SINGAPORE, Nov 26 (Reuters) - At least 100 Chinese bus drivers in Singapore refused to go to work on Monday to protest against changes to their employment terms, media said, in a rare show of defiance in a city-state where industrial action is almost unheard of.
The drivers, employed by public transport operator SMRT Corp , were unhappy about having to switch to a six-day work-week with higher pay from a five-day week. The change meant less opportunity to earn overtime pay, the Chinese-language Lianhe Zaobao newspaper reported on its website.
Pictures published by Shin Min Daily News, another Chinese-language paper, showed drivers gathered on the grounds of a dormitory where they live, with policemen and vehicles belonging to riot police around the premises.
Strikes are rare in Singapore where authorities are quick to step in for fear such action could discourage investors. The last major strike was in 1986 by shipyard workers.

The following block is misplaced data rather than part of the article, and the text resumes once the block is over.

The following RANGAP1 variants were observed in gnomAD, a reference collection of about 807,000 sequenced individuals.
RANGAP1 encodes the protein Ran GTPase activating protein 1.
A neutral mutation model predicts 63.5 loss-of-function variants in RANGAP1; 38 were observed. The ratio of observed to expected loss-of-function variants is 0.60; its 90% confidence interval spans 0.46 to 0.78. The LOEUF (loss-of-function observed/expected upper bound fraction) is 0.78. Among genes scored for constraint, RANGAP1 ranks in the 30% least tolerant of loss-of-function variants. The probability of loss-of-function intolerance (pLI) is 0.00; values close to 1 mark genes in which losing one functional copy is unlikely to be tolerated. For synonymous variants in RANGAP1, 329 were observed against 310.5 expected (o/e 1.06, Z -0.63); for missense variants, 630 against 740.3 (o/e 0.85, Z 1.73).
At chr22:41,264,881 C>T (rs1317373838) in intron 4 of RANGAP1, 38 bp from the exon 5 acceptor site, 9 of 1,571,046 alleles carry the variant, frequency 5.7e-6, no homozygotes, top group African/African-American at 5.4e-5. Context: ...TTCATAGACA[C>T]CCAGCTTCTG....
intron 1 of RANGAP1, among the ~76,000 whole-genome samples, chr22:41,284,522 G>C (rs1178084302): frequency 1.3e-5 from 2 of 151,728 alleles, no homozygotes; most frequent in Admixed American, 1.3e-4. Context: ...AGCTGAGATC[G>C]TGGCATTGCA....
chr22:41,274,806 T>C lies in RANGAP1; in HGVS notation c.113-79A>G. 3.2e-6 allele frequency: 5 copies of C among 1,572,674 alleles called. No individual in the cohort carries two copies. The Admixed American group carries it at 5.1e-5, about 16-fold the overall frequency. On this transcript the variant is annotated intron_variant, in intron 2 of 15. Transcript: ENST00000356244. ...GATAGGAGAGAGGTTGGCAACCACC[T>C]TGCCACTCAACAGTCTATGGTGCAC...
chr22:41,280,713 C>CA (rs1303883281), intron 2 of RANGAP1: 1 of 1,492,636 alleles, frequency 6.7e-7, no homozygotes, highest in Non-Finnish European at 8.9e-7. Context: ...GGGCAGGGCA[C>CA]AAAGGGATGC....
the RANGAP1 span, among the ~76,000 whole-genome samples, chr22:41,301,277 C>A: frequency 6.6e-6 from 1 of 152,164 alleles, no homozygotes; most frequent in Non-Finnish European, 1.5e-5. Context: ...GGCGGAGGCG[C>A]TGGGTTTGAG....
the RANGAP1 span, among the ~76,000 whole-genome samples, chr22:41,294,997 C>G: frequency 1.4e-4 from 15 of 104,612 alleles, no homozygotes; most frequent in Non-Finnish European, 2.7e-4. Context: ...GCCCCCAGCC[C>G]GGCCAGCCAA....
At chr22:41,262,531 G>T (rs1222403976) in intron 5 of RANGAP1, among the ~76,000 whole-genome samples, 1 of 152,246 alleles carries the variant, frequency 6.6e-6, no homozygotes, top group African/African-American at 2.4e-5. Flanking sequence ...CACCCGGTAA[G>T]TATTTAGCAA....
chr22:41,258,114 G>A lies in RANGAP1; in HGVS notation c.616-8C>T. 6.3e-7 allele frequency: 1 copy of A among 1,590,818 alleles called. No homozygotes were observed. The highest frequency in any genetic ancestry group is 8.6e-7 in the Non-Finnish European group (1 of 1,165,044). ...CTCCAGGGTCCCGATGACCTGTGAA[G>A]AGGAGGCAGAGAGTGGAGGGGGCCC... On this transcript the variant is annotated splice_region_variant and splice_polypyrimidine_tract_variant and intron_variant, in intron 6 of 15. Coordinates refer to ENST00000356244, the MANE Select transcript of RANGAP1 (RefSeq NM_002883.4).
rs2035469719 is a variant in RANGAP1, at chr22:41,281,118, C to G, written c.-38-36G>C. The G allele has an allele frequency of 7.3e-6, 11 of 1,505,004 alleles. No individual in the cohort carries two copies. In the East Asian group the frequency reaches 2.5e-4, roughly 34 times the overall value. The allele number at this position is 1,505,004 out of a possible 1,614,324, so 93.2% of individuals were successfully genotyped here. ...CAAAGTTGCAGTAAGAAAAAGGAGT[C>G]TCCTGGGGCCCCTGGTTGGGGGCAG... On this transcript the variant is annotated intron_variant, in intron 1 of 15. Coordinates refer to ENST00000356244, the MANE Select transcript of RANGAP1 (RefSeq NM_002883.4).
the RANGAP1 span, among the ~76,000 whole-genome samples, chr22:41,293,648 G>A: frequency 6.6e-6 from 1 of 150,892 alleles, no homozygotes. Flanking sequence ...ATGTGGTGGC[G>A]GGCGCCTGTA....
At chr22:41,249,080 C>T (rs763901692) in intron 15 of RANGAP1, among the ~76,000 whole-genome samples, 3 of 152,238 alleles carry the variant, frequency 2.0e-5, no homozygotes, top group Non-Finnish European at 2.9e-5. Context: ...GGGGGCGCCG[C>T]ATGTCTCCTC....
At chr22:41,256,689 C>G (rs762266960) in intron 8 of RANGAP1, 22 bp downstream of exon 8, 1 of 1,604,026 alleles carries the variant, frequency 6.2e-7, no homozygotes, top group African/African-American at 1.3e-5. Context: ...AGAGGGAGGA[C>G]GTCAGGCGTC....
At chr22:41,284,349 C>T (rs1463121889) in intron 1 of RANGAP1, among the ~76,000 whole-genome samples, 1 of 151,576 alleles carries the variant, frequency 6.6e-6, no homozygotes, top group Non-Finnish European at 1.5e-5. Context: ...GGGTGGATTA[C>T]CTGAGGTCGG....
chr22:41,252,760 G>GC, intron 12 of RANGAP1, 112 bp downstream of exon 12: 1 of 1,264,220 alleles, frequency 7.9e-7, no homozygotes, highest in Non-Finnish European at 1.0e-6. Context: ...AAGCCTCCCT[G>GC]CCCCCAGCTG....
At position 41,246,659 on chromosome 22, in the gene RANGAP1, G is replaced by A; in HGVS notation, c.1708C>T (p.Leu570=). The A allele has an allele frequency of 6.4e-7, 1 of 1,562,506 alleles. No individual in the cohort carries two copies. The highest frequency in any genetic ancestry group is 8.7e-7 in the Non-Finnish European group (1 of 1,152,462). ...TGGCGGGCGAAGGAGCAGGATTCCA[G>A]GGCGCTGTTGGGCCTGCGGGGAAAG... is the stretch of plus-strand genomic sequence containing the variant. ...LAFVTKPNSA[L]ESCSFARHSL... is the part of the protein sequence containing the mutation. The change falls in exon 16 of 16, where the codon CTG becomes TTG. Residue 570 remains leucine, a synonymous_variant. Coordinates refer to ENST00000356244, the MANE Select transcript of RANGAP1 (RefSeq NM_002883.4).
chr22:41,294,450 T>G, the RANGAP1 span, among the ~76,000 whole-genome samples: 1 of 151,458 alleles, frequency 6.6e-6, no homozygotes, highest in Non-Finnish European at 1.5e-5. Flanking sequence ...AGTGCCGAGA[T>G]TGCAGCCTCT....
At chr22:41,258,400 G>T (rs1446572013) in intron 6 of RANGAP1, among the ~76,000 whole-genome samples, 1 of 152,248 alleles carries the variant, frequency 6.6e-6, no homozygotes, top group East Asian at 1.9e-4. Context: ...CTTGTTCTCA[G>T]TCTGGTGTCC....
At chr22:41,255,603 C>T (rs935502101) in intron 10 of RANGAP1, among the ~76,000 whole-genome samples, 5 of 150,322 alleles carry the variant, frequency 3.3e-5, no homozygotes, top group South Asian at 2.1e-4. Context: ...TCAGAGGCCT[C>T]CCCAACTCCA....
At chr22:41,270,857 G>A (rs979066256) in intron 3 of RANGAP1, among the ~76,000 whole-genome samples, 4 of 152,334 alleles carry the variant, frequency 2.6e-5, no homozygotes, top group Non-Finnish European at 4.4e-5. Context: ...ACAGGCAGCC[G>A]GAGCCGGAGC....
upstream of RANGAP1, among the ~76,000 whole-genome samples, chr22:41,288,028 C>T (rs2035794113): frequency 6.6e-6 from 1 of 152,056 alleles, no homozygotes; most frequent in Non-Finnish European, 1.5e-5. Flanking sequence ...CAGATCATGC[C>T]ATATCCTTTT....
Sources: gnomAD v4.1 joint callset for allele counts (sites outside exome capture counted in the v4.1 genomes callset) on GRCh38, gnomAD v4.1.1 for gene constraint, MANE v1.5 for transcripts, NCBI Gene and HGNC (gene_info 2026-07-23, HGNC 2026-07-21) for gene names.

Lianhe Wanbao quoted a driver saying he now got about S$1,400 ($1,100) a month, down from more than S$2,000 a month when he could earn more by working on days off. The Chinese drivers were also unhappy about being paid less than drivers from Singapore and Malaysia, it said.
A spokesman for SMRT declined to comment, saying the company was drafting a statement. State broadcaster Channel NewsAsia quoted the firm saying that talks were being held with the drivers.
Singapore is tightly controlled business and financial centre of 5.3 million people.
Labour unrest and ethnic differences are both sensitive issues on the prosperous tropical island which depends on foreign workers, many of them from China, to do many low-paid jobs.
Many Singapore people complain about the influx of immigrants and blame the newcomers for pushing down wages, pushing up costs and increasing congestion.
The government has, in response, raised the levies companies must pay to hire low-skilled workers from abroad as well as cut the proportion of foreigners that companies can hire. ($1 = 1.2221 Singapore dollars) (Reporting by Kevin Lim; Editing by Robert Birsel)